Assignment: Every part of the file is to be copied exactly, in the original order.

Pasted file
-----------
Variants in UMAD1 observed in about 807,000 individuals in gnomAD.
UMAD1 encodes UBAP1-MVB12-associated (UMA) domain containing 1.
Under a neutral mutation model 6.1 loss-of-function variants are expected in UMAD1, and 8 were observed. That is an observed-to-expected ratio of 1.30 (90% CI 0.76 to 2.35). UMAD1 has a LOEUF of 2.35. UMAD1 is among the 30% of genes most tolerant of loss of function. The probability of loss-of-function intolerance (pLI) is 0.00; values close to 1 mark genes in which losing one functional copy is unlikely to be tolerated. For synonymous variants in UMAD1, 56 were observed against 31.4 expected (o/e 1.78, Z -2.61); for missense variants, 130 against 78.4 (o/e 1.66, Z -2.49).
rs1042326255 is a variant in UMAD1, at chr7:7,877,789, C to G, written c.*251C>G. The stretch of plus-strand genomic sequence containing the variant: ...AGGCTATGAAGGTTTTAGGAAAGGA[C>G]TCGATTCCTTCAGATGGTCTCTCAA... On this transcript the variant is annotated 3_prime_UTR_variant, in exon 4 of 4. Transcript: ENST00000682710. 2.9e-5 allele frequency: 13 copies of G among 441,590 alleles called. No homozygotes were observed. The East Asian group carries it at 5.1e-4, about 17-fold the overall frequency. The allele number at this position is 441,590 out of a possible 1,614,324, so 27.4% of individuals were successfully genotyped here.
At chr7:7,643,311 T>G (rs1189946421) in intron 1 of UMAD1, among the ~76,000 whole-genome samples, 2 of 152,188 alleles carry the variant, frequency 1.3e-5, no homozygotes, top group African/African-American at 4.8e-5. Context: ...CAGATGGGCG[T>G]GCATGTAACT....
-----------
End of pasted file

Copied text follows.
Variants in UMAD1 observed in about 807,000 individuals in gnomAD.
UMAD1 encodes UBAP1-MVB12-associated (UMA) domain containing 1.
Under a neutral mutation model 6.1 loss-of-function variants are expected in UMAD1, and 8 were observed. That is an observed-to-expected ratio of 1.30 (90% CI 0.76 to 2.35). UMAD1 has a LOEUF of 2.35. UMAD1 is among the 30% of genes most tolerant of loss of function. The probability of loss-of-function intolerance (pLI) is 0.00; values close to 1 mark genes in which losing one functional copy is unlikely to be tolerated. For synonymous variants in UMAD1, 56 were observed against 31.4 expected (o/e 1.78, Z -2.61); for missense variants, 130 against 78.4 (o/e 1.66, Z -2.49).
rs1042326255 is a variant in UMAD1, at chr7:7,877,789, C to G, written c.*251C>G. The stretch of plus-strand genomic sequence containing the variant: ...AGGCTATGAAGGTTTTAGGAAAGGA[C>G]TCGATTCCTTCAGATGGTCTCTCAA... On this transcript the variant is annotated 3_prime_UTR_variant, in exon 4 of 4. Transcript: ENST00000682710. 2.9e-5 allele frequency: 13 copies of G among 441,590 alleles called. No homozygotes were observed. The East Asian group carries it at 5.1e-4, about 17-fold the overall frequency. The allele number at this position is 441,590 out of a possible 1,614,324, so 27.4% of individuals were successfully genotyped here.
At chr7:7,643,311 T>G (rs1189946421) in intron 1 of UMAD1, among the ~76,000 whole-genome samples, 2 of 152,188 alleles carry the variant, frequency 1.3e-5, no homozygotes, top group African/African-American at 4.8e-5. Context: ...CAGATGGGCG[T>G]GCATGTAACT....